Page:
sfcrazy writes: For a couple of years now I've been hearing rumors about YaST being switched to Ruby from the proprietary YCP language. However, up to recently I haven't stumbled across any substantiating evidence. Fact of the matter now though is that it is happening, and the next openSUSE release may even use the new Ruby based YaST.
sfcrazy writes: KDE’s Plasma is one of the most popular desktop environment in the GNU/Linux world. The community was also working on a Windows port of KDE Plasma so that these users can also take advantage of KDE’s technologies. The Windows project was in the state of limbo for quite some time and now KDE SC 4.10.2 is available for Windows.
sfcrazy writes: There are genuine reasons why some people prefer Gnome or Xfce over KDE (though a survey shows KDE's Plasma to be among the most popular desktop environments, leaving Xfce and Gnome miles behind). There can be a demand for a stripped down, lightweight KDE distro which can compete with the likes of Xfce and Gnome so that such users can get a lightweight KDE experience without making the compromises (subjective) they have to with Gnome or Xfce.
That's exactly what some KDE developers are doing. Will Stephenson (along with other KDE developers Klaas Freitag, Jos Poortvliet, Raymond Wooninck, umski and Andres Silva) is working on a KDE package called KlyDE.
sfcrazy writes: Microsoft has signed yet another 'bogus' patent deal with Taiwan's Foxconn, the world's lagest electronics maker. Since Microsoft signs an NDA we never get to see which 'patents' is Android violating, it could be tiny things like FAT partition. Since we also don't know how much Microsoft gets per device, it could be few pennies per device. These deals are less about money and more about PR stunts, a game Microsoft loves to play.
From what I see this is applicable only to those who applied through the Explorer program. The question is if Google is violating the first sale doctrine by refusing users to resell the device they paid for and bought?
sfcrazy writes: Filing bug reports is one of the best ways for a user to contribute to his favorite app and make it better. However at times lack of proper bug report makes it harder for a developer to understand what problems a user is facing. So as important as it is to file a bug report, it's more important to file it correctly. Incorrect bug report irritates a user as he feels that no one pays attention to his report and discourages him to file a report in future. At the same time it irritates a developer because he wants to know what's wrong, help the user and make the application better he doesn't even understand what the problem is.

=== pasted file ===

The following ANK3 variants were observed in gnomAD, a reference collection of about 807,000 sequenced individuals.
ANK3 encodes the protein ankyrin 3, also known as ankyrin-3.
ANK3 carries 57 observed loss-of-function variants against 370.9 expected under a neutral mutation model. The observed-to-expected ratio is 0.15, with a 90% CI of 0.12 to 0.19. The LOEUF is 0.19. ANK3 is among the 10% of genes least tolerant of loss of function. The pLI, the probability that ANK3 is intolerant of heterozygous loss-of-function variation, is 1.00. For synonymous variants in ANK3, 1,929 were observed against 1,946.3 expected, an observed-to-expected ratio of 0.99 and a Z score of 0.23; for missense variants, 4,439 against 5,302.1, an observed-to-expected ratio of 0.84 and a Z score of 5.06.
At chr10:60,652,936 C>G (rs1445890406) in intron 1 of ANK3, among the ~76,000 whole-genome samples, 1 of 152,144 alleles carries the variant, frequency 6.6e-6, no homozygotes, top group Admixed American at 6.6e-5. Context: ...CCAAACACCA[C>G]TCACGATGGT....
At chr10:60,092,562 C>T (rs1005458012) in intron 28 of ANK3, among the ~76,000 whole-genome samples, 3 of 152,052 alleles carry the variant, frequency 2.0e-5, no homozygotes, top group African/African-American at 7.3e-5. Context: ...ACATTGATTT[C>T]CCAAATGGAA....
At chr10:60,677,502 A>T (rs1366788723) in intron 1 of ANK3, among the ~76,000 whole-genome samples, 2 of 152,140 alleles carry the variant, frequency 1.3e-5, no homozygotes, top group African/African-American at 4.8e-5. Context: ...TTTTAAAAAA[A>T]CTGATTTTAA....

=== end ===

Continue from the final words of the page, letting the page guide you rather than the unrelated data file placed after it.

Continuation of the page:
sfcrazy writes: Subsurface, the dive-tracking program written by none other than Linus Torvalds, is considering moving to Qt. Dirk Hohndel writes on his Google + page: Subsurface is seriously considering a move to Qt but doing so without at least one or two experienced Qt developers as part of the team seems pretty foolish to me. So if you have worked with Qt in the past and are interested in scuba diving (or interested in a new fast moving project to participate in), please drop me a line / comment here.
sfcrazy writes: openSUSE 12.3 has been released on time and this release shows how it's getting better and better with time. openSUSE is investing quite a lot of resources in ARM and ARM 64bit, which makes sense as ARM is about to make inroads into the server space where SUSE is one of the market leaders behind Red Hat. As we speak there are at over 4,000 build packages for ARM which puts openSUSE ahead of any Linux distribution which supports ARM's AArch64 architecture. openSUSE 12.3 can be downloaded from here.